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The owner of a Dravosburg-based contracting company pleaded guilty in federal court to conspiracy to defraud the U.S. government, Acting U.S. Attorney Soo C. Song said today.
Donald R. Taylor, 78, of Eighty-Four, Washington County, entered the plea before U.S. District Judge Nora Barry Fischer in Pittsburgh.
Taylor, the owner of Century Steel Erectors Co., testified in court that he conspired with Watson L. Maloy Jr., 77, of Union Twp., Washington County, to use Maloy’s company, W.M.C.C. Inc., as a "front" company to illegally obtain federally funded subcontracts on bridge projects being completed for the state Department of Transportation and the Pennsylvania Turnpike Commission.
W.M.C.C. qualified for certain government jobs because it was a minority-owned small business, federal prosecutors said. Century Steel Erectors was not.
Taylor testified in court that W.M.C.C. and CSE fraudulently obtained nine PennDOT subcontracts between approximately January 2012 and February 2014, resulting in payments to W.M.C.C. totaling more than $1 million.
In return, federal prosecutors said, Taylor admitted that Maloy was paid a periodic “fee" ranging from $2,000 to $10,000 on each job.
Although W.M.C.C. --- as a disadvantaged business enterprise --- was supposed to be completing the jobs, prosecutors said, Century employees actually identified, bid, negotiated, and performed the work on the subcontracts.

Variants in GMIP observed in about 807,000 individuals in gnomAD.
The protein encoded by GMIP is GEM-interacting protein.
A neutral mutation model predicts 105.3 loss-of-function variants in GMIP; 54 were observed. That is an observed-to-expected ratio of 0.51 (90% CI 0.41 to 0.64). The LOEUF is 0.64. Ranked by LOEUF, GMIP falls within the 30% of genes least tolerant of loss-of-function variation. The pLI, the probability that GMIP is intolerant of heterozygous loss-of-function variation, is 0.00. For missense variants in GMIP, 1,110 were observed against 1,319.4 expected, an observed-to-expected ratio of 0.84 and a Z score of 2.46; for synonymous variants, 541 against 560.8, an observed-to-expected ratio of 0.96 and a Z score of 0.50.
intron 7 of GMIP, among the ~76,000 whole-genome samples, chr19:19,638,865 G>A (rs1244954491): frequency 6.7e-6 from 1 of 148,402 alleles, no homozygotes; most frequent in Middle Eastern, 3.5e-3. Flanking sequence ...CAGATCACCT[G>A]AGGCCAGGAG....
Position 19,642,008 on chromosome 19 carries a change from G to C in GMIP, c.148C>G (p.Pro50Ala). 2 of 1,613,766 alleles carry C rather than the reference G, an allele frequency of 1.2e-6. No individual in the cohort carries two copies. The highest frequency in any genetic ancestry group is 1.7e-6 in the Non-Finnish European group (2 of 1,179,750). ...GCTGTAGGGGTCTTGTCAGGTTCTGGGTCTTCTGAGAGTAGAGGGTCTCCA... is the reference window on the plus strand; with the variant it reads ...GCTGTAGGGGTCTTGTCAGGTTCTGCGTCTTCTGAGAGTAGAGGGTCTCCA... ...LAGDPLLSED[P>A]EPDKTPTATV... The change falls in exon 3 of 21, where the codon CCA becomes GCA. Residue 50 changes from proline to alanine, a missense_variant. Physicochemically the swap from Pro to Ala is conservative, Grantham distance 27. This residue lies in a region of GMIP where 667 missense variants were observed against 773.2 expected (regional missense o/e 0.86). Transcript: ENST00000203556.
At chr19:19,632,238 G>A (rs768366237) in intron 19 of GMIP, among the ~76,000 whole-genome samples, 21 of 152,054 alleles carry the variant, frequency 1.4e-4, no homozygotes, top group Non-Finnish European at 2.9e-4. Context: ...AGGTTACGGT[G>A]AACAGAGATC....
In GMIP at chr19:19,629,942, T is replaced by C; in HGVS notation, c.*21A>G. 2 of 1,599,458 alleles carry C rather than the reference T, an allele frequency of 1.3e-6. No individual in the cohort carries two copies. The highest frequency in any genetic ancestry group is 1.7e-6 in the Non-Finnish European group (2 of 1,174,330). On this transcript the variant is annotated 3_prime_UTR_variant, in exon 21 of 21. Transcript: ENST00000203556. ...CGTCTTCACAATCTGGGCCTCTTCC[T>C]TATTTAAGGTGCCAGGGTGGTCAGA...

To conceal the company's role, Century employees used magnetic signs to cover Century logos on vehicles, had W.M.C.C. business cards printed, and used W.M.C.C. email accounts and phone lines. They also represented themselves as W.M.C.C. employees during meetings with general contractors and PennDOT and Turnpike Commission officials.
In fact, according to the U.S. Department of Transportation's Office of Inspector General, W.M.C.C. actually "failed to perform a commercially useful function."
Maloy previously pleaded guilty to one count of conspiracy to defraud the United States in 2014, and his sentencing is currently scheduled for Jan. 23 before Chief U.S. District Judge Joy Flowers Conti, Song's office said in a prepared statement.
In 2015, W.M.C.C. was permanently banned from bidding on PennDOT contracts.
As part of his guilty plea, Taylor has agreed to pay restitution in the amount of $85,221.21 to PennDOT, officials said.
Taylor is scheduled to be sentenced at 9 a.m. March 9 before Fischer. The law provides for a maximum sentence of five years in prison, a fine of $250,000, or both.
Assistant U.S. Attorneys Robert S. Cessar, Eric G. Olshan and Christy Chriswell Wiegand are prosecuting the case on behalf of the government, Song said. The case was investigated by the FBI and the Office of the Inspector General of the U.S. Department of Transportation, with assistance from the state Turnpike Commission's Office of Inspector General.
Originally published October 30, 2017.